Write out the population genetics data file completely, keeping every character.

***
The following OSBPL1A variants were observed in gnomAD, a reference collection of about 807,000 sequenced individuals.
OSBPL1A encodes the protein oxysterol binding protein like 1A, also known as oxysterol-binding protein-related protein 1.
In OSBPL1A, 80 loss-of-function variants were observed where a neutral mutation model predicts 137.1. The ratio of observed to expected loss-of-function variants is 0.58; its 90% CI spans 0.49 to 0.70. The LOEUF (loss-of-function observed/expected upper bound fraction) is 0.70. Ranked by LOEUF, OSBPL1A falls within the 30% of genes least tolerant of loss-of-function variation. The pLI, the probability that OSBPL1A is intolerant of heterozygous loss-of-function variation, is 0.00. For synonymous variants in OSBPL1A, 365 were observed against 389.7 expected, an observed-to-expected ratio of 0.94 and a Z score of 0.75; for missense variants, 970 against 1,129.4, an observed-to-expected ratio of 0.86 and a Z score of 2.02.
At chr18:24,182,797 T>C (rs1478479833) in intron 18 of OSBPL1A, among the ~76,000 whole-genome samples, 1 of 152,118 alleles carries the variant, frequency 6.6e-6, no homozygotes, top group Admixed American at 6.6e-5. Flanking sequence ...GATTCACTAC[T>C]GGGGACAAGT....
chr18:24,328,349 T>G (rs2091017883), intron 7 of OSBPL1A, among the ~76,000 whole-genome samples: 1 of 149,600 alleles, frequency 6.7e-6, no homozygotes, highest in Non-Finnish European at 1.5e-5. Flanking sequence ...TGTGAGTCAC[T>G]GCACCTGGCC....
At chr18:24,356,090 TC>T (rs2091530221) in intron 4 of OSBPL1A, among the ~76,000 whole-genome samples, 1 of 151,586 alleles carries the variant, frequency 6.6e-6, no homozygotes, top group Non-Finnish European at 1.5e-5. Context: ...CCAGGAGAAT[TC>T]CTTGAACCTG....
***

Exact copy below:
The following OSBPL1A variants were observed in gnomAD, a reference collection of about 807,000 sequenced individuals.
OSBPL1A encodes the protein oxysterol binding protein like 1A, also known as oxysterol-binding protein-related protein 1.
In OSBPL1A, 80 loss-of-function variants were observed where a neutral mutation model predicts 137.1. The ratio of observed to expected loss-of-function variants is 0.58; its 90% CI spans 0.49 to 0.70. The LOEUF (loss-of-function observed/expected upper bound fraction) is 0.70. Ranked by LOEUF, OSBPL1A falls within the 30% of genes least tolerant of loss-of-function variation. The pLI, the probability that OSBPL1A is intolerant of heterozygous loss-of-function variation, is 0.00. For synonymous variants in OSBPL1A, 365 were observed against 389.7 expected, an observed-to-expected ratio of 0.94 and a Z score of 0.75; for missense variants, 970 against 1,129.4, an observed-to-expected ratio of 0.86 and a Z score of 2.02.
At chr18:24,182,797 T>C (rs1478479833) in intron 18 of OSBPL1A, among the ~76,000 whole-genome samples, 1 of 152,118 alleles carries the variant, frequency 6.6e-6, no homozygotes, top group Admixed American at 6.6e-5. Flanking sequence ...GATTCACTAC[T>C]GGGGACAAGT....
chr18:24,328,349 T>G (rs2091017883), intron 7 of OSBPL1A, among the ~76,000 whole-genome samples: 1 of 149,600 alleles, frequency 6.7e-6, no homozygotes, highest in Non-Finnish European at 1.5e-5. Flanking sequence ...TGTGAGTCAC[T>G]GCACCTGGCC....
At chr18:24,356,090 TC>T (rs2091530221) in intron 4 of OSBPL1A, among the ~76,000 whole-genome samples, 1 of 151,586 alleles carries the variant, frequency 6.6e-6, no homozygotes, top group Non-Finnish European at 1.5e-5. Context: ...CCAGGAGAAT[TC>T]CTTGAACCTG....